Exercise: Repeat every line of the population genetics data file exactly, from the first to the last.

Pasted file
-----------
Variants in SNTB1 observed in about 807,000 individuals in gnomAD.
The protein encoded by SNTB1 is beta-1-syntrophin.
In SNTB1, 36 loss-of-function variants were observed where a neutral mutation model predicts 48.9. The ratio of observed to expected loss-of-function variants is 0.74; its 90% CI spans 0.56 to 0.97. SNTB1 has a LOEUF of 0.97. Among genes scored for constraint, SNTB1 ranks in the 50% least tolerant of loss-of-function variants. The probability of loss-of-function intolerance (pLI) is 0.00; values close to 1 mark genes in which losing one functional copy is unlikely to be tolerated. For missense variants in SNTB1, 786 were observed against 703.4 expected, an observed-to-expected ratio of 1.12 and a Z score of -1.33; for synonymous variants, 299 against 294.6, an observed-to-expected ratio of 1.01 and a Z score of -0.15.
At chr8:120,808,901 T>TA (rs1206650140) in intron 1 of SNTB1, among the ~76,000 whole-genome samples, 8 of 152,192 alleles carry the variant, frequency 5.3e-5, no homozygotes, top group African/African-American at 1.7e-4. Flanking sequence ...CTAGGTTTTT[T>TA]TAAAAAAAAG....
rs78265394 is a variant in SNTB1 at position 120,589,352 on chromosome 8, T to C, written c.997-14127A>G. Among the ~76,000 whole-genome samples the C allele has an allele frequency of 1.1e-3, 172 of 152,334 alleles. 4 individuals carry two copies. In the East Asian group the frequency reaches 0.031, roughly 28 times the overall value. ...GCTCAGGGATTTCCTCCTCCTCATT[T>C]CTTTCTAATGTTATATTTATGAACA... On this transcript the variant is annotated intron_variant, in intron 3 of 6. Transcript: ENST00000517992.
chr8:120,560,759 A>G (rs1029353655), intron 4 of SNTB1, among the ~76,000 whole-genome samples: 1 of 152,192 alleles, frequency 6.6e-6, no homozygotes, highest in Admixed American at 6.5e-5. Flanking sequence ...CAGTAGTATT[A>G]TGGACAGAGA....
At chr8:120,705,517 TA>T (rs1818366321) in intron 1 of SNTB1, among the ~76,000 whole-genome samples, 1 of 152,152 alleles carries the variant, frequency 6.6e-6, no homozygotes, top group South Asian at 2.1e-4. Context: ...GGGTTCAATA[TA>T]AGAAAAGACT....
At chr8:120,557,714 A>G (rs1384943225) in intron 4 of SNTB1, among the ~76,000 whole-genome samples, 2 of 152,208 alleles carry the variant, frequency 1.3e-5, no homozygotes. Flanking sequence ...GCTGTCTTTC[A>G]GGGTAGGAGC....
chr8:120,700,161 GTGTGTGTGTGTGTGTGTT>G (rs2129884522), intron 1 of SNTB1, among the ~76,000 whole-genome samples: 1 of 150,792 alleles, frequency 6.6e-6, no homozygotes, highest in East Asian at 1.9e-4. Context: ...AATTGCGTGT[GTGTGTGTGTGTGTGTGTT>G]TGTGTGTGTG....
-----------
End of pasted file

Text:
Variants in SNTB1 observed in about 807,000 individuals in gnomAD.
The protein encoded by SNTB1 is beta-1-syntrophin.
In SNTB1, 36 loss-of-function variants were observed where a neutral mutation model predicts 48.9. The ratio of observed to expected loss-of-function variants is 0.74; its 90% CI spans 0.56 to 0.97. SNTB1 has a LOEUF of 0.97. Among genes scored for constraint, SNTB1 ranks in the 50% least tolerant of loss-of-function variants. The probability of loss-of-function intolerance (pLI) is 0.00; values close to 1 mark genes in which losing one functional copy is unlikely to be tolerated. For missense variants in SNTB1, 786 were observed against 703.4 expected, an observed-to-expected ratio of 1.12 and a Z score of -1.33; for synonymous variants, 299 against 294.6, an observed-to-expected ratio of 1.01 and a Z score of -0.15.
At chr8:120,808,901 T>TA (rs1206650140) in intron 1 of SNTB1, among the ~76,000 whole-genome samples, 8 of 152,192 alleles carry the variant, frequency 5.3e-5, no homozygotes, top group African/African-American at 1.7e-4. Flanking sequence ...CTAGGTTTTT[T>TA]TAAAAAAAAG....
rs78265394 is a variant in SNTB1 at position 120,589,352 on chromosome 8, T to C, written c.997-14127A>G. Among the ~76,000 whole-genome samples the C allele has an allele frequency of 1.1e-3, 172 of 152,334 alleles. 4 individuals carry two copies. In the East Asian group the frequency reaches 0.031, roughly 28 times the overall value. ...GCTCAGGGATTTCCTCCTCCTCATT[T>C]CTTTCTAATGTTATATTTATGAACA... On this transcript the variant is annotated intron_variant, in intron 3 of 6. Transcript: ENST00000517992.
chr8:120,560,759 A>G (rs1029353655), intron 4 of SNTB1, among the ~76,000 whole-genome samples: 1 of 152,192 alleles, frequency 6.6e-6, no homozygotes, highest in Admixed American at 6.5e-5. Flanking sequence ...CAGTAGTATT[A>G]TGGACAGAGA....
At chr8:120,705,517 TA>T (rs1818366321) in intron 1 of SNTB1, among the ~76,000 whole-genome samples, 1 of 152,152 alleles carries the variant, frequency 6.6e-6, no homozygotes, top group South Asian at 2.1e-4. Context: ...GGGTTCAATA[TA>T]AGAAAAGACT....
At chr8:120,557,714 A>G (rs1384943225) in intron 4 of SNTB1, among the ~76,000 whole-genome samples, 2 of 152,208 alleles carry the variant, frequency 1.3e-5, no homozygotes. Flanking sequence ...GCTGTCTTTC[A>G]GGGTAGGAGC....
chr8:120,700,161 GTGTGTGTGTGTGTGTGTT>G (rs2129884522), intron 1 of SNTB1, among the ~76,000 whole-genome samples: 1 of 150,792 alleles, frequency 6.6e-6, no homozygotes, highest in East Asian at 1.9e-4. Context: ...AATTGCGTGT[GTGTGTGTGTGTGTGTGTT>G]TGTGTGTGTG....